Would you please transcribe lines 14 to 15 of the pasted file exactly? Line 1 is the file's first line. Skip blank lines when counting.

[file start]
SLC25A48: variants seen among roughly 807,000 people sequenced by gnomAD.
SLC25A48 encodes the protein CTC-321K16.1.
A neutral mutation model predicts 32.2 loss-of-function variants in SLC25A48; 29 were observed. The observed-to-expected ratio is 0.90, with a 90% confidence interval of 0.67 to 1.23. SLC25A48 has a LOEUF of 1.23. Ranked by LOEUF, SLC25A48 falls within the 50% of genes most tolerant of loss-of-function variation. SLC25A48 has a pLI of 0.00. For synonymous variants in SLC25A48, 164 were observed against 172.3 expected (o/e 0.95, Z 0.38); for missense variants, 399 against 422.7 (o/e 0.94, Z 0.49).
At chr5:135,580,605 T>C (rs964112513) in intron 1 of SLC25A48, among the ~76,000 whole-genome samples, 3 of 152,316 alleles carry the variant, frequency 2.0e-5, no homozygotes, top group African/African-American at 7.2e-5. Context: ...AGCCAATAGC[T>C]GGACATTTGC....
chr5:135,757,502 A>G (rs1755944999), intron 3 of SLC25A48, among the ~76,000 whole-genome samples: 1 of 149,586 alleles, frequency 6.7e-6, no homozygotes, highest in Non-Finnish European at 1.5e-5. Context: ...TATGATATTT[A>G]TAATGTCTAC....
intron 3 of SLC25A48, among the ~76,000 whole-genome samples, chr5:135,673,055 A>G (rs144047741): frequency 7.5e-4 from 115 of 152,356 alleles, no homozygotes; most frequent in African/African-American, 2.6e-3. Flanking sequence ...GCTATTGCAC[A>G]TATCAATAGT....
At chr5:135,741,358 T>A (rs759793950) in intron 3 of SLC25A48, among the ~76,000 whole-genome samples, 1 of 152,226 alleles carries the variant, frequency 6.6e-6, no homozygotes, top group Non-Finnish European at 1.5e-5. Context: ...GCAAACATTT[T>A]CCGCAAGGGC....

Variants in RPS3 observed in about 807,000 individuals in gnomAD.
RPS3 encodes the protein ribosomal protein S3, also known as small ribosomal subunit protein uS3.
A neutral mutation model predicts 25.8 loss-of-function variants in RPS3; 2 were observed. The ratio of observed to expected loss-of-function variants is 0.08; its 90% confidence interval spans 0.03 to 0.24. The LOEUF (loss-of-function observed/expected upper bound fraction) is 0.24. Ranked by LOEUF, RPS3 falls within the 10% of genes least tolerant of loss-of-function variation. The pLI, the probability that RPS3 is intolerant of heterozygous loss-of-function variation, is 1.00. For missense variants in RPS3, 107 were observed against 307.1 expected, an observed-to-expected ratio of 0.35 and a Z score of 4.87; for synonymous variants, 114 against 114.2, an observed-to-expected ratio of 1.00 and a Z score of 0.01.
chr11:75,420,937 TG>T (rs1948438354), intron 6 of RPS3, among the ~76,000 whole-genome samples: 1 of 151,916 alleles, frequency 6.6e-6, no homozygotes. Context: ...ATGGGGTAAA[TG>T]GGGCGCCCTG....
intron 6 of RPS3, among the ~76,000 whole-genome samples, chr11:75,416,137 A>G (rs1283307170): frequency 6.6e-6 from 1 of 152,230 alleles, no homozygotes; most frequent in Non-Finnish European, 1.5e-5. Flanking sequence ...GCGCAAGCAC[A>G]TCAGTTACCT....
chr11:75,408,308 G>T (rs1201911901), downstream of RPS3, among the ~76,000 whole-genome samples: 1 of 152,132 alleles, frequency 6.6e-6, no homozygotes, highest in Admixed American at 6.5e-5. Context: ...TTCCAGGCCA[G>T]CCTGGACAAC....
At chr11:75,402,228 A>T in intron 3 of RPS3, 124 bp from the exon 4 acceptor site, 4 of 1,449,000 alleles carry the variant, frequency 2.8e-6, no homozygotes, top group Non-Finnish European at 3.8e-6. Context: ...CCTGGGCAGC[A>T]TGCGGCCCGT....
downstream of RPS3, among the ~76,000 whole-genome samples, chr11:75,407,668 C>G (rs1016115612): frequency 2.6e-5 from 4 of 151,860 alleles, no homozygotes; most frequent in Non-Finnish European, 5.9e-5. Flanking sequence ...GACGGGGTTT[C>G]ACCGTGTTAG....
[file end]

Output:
At chr11:75,402,228 A>T in intron 3 of RPS3, 124 bp from the exon 4 acceptor site, 4 of 1,449,000 alleles carry the variant, frequency 2.8e-6, no homozygotes, top group Non-Finnish European at 3.8e-6. Context: ...CCTGGGCAGC[A>T]TGCGGCCCGT....
downstream of RPS3, among the ~76,000 whole-genome samples, chr11:75,407,668 C>G (rs1016115612): frequency 2.6e-5 from 4 of 151,860 alleles, no homozygotes; most frequent in Non-Finnish European, 5.9e-5. Flanking sequence ...GACGGGGTTT[C>G]ACCGTGTTAG....